A Man who views the world the same at fifty as he did at twenty has wasted thirty years of his life.
I turn 50 today. Humans make meaning out of randomness, and since we use base 10 math, birthdays ending in zero can be a big deal. I find that 50 is an opportunity for reflection on my life. I always had goals for age 50, some spoken and some just more understood. Part of the wonder I have is how I have changed in ways that Bryan of 30 years ago cannot even imagine.... [Read More]
In Austen’s Emma, the eponymous heroine famously remarks that the yeoman farmers”are precisely the order of people with which I feel I can have nothing to do….a farmer can need none of my help and is therefore in one sense as much above my notice as in every other he is below it.”
I recently wrote about the unique obstacles involved in a long-standing cross- gender friendship. But additionally, he was a carpenter and I was a lady, (metaphorically, if you remember the Tim Hardin song). So it was also cross-class. If I’m gonna write about it all, may as well be blunt. Like Emma herself.
It’s two decades since I left the Philadelphia Main Line, and nothing stays the same. But back then it was a sort of palimpsest: a page upon which more than one text has been written, so both exist interlineates faintly on the same surface.
For instance, to say you lived in Bryn Mawr often elicited the reaction from people, “oh! Bryn MAAHRR!” with a mocking la-di-da affect. By that time the big mansions on large tracts, originally summer homes for the wealthy Philadelphians who commutes to them via the Main Line of the Pennsylvania Railroad, were mostly gone, turned to schools or churches of just demolished and the demesnes subdivided, but, still, it was a wealthy zip code, where a lot of professionals had moved into the shells of the now etiolated families whose names were be found in the Social Register (original version only, not the newer one which included morganatic unions.)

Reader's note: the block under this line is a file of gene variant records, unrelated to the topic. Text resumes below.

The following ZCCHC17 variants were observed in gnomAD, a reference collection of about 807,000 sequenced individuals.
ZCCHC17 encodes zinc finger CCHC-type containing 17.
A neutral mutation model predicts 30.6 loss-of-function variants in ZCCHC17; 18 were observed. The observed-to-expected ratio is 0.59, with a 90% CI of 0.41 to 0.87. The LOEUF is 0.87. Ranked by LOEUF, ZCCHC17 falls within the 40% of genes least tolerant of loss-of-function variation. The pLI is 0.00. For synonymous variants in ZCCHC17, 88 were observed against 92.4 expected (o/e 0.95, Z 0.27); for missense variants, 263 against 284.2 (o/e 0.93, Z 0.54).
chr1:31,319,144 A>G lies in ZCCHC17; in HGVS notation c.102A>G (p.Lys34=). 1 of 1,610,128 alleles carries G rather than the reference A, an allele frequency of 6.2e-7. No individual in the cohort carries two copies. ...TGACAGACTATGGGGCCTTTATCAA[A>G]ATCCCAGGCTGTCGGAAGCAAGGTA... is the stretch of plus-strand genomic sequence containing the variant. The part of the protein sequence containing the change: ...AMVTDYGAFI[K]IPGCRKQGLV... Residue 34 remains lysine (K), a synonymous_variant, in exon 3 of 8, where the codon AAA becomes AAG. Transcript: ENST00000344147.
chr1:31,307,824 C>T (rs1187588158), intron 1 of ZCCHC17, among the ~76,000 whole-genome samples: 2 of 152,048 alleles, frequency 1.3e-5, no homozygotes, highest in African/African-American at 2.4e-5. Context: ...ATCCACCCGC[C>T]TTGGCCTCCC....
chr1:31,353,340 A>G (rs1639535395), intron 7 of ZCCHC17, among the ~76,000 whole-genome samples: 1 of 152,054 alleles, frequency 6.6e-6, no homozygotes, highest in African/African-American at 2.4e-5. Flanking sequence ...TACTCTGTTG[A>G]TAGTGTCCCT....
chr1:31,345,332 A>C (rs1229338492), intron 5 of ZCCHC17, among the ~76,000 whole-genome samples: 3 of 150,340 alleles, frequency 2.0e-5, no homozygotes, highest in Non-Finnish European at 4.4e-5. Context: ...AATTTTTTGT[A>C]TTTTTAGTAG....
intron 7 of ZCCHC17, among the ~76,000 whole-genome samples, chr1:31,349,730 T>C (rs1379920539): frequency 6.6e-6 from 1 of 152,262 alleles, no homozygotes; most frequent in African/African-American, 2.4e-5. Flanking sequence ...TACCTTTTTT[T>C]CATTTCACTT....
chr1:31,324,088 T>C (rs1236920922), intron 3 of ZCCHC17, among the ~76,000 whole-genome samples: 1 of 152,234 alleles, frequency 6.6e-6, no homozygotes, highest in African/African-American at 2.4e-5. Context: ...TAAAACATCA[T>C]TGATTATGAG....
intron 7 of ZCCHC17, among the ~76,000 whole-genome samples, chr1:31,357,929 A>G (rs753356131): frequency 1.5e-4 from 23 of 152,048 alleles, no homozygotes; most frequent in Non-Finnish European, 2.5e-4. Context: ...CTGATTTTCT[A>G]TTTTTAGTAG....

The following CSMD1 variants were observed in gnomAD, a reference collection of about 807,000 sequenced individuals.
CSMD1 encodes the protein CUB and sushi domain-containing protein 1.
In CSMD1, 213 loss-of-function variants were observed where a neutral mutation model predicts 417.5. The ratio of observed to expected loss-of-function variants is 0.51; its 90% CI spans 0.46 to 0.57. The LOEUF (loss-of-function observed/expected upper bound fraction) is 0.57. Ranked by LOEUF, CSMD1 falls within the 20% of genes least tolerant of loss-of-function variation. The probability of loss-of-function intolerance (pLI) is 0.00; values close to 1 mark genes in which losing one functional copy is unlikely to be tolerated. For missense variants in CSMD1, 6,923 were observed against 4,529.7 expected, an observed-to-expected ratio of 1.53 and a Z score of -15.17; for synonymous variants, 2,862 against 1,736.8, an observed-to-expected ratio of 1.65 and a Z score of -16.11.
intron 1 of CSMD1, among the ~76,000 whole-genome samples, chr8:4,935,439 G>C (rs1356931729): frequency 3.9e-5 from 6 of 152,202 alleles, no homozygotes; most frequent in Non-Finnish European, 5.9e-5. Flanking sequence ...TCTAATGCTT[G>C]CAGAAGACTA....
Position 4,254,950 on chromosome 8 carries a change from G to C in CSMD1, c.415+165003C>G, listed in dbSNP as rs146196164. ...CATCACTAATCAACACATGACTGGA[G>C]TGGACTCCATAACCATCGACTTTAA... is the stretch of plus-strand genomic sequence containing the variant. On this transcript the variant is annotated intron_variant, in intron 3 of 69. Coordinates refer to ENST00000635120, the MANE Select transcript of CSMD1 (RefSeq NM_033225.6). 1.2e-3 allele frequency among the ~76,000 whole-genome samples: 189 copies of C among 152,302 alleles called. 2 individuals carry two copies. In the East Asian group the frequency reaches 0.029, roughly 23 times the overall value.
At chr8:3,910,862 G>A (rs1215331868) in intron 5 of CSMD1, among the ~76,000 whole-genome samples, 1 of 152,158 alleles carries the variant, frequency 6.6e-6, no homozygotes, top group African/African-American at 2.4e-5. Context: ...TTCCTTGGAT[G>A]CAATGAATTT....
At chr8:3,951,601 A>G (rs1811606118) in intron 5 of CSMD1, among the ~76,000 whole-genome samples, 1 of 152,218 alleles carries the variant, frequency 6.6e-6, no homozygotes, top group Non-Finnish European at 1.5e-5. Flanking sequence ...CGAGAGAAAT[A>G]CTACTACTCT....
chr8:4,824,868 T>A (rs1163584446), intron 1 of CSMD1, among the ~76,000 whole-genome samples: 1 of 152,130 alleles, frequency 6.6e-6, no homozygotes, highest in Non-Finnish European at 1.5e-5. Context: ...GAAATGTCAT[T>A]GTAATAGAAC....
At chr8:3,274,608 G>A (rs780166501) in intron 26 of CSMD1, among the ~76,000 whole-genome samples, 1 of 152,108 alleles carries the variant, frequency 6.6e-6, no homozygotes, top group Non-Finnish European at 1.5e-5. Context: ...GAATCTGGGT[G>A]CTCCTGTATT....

That was one text. But there was another: working-class Bryn Mawr. Railroad Avenue. The streets off Lancaster. They were by no means slums, they were well-kept neighborhoods, well-kept by the workmen who also kept up the richer people’s homes: municipal workers, truck drivers, many of whom had second or third jobs as landscapers. They had not gone to college, although their children had or would.
And they were invisible to the wealthier denizens. Like Emma’s yeomanry, they didn’t need charity. And they didn’t have anything the socially-conscious wealthier people aspired to possess. So they were both above, and below, the notice of the professionals and the (rapidly declining) scions of the former aristocracy. ... [Read More]